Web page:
A randomized trial found that video-based, telehealth-delivered exercise and weight loss programs with online educational support improved pain and function in people with knee osteoarthritis and overweight or obesity. The intervention that included a dietary component conferred modest additional pain and function benefits and led to substantial weight loss. The findings are published in Annals of Internal Medicine.
Osteoarthritis affects more than 32.5 million adults in the United States and is a major public health problem around the world. Knee osteoarthritis is commonly associated with overweight and obesity, which aggravate pain and disability, accelerate osteoarthritis progression, and increase the likelihood of requiring costly knee surgery. Scalable knee osteoarthritis programs are needed to deliver recommended education, exercise, and weight loss interventions.
Researchers from the University of Melbourne recruited 416 people with persistent knee pain to participate in the Better Knee, Better Me trial. Patients were randomly assigned to one of two 6-month telehealth-delivered programs, one with and one without dietary intervention, compared with an information-only control group. During the trial, participants in the intervention groups were provided support from physiotherapists and dietitians via Zoom and had a suite of educational resources available online. Those in the exercise plus diet group also received meal replacements so they could maintain a ketogenic, low calorie diet.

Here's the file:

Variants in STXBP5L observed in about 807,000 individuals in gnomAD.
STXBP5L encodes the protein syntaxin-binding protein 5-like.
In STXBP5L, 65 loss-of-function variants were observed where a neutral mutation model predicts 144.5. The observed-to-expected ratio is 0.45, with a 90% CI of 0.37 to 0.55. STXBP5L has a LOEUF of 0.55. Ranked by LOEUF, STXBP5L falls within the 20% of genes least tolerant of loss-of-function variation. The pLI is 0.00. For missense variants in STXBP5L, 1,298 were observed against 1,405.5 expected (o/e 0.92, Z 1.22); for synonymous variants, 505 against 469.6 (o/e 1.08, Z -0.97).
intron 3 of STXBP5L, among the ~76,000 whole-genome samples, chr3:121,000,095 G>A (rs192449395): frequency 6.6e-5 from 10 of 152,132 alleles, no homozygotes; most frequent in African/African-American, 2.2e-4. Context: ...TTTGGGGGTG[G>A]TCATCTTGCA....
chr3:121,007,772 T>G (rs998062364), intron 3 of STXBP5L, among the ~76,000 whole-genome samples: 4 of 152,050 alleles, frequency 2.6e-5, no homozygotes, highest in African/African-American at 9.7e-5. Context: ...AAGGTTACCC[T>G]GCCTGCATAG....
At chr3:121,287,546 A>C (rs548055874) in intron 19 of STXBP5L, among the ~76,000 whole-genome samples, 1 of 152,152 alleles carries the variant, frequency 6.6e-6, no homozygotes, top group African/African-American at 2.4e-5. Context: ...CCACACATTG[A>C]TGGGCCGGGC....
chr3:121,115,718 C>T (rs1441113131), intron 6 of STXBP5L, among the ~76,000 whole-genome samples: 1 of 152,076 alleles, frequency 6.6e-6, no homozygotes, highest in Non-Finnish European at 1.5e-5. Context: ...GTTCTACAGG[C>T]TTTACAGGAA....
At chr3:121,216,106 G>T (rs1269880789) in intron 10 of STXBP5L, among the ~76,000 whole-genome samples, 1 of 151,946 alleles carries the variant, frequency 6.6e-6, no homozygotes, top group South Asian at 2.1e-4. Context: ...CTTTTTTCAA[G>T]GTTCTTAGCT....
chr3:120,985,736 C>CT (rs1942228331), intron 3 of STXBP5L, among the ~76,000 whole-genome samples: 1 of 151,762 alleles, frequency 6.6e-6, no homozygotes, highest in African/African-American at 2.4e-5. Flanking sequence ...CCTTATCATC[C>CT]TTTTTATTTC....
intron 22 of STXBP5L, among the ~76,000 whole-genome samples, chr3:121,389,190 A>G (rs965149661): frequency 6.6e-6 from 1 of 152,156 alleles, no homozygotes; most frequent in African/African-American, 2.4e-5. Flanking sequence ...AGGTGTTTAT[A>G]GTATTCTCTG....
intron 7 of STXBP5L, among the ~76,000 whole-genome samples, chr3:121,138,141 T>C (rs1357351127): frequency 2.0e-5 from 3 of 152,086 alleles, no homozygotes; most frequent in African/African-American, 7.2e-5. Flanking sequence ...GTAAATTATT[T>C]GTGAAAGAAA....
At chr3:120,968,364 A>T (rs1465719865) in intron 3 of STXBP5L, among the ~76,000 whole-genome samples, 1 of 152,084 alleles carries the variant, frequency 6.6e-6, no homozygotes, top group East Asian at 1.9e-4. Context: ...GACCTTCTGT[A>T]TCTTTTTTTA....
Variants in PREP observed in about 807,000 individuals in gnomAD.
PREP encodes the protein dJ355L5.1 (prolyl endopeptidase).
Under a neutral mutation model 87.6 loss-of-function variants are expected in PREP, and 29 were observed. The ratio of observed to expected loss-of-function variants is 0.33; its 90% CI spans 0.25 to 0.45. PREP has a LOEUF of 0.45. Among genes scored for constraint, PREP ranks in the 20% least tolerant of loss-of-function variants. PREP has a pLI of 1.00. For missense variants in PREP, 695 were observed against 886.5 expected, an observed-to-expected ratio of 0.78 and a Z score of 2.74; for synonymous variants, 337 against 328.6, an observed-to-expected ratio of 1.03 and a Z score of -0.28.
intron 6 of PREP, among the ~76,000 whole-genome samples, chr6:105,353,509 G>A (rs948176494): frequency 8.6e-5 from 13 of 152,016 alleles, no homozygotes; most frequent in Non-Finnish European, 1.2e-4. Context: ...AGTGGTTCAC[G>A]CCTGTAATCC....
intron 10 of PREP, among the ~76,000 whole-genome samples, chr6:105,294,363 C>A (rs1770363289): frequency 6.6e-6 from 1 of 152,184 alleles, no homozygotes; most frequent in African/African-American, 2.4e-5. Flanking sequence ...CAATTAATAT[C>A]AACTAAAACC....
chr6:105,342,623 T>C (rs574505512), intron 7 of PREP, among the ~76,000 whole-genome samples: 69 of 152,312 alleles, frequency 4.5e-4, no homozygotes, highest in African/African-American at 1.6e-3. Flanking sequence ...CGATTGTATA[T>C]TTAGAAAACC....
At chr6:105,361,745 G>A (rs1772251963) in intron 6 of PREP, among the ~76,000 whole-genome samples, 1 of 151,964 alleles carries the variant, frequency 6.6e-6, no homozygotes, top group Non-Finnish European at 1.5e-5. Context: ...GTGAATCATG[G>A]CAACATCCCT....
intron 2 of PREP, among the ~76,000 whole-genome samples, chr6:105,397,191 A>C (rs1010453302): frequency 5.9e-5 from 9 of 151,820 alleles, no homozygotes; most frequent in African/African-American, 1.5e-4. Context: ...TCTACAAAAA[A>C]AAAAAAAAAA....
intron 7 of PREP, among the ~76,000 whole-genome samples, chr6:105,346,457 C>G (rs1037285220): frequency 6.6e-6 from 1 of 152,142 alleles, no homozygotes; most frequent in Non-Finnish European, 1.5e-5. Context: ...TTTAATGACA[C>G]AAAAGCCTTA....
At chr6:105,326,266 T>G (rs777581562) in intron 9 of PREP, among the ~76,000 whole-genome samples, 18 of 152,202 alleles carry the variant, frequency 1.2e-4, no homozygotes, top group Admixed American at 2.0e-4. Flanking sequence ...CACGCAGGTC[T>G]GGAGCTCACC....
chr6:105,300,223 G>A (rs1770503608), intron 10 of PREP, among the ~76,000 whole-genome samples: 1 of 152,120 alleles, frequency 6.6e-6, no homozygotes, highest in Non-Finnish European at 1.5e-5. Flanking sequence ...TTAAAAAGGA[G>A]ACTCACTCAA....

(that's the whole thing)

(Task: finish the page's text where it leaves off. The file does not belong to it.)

At 6 months, the researchers found that compared to control, participants in both programs had significant improvements in knee pain, physical function, and quality of life, which were maintained in the longer-term. Compared to the exercise only program, the combined exercise and diet program led to additional benefits – including a greater reduction in pain, greater improvements in physical function, lower use of pain medications, and an average weight loss of 22 lbs. over the 6-month program. According to the researchers, these findings suggest that telehealth programs represent potentially scalable and accessible ways for people with knee osteoarthritis to receive recommended interventions.
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Corresponding author: Kim L. Bennell, PhD please contact Lito Vilisoni Wilson at [email protected]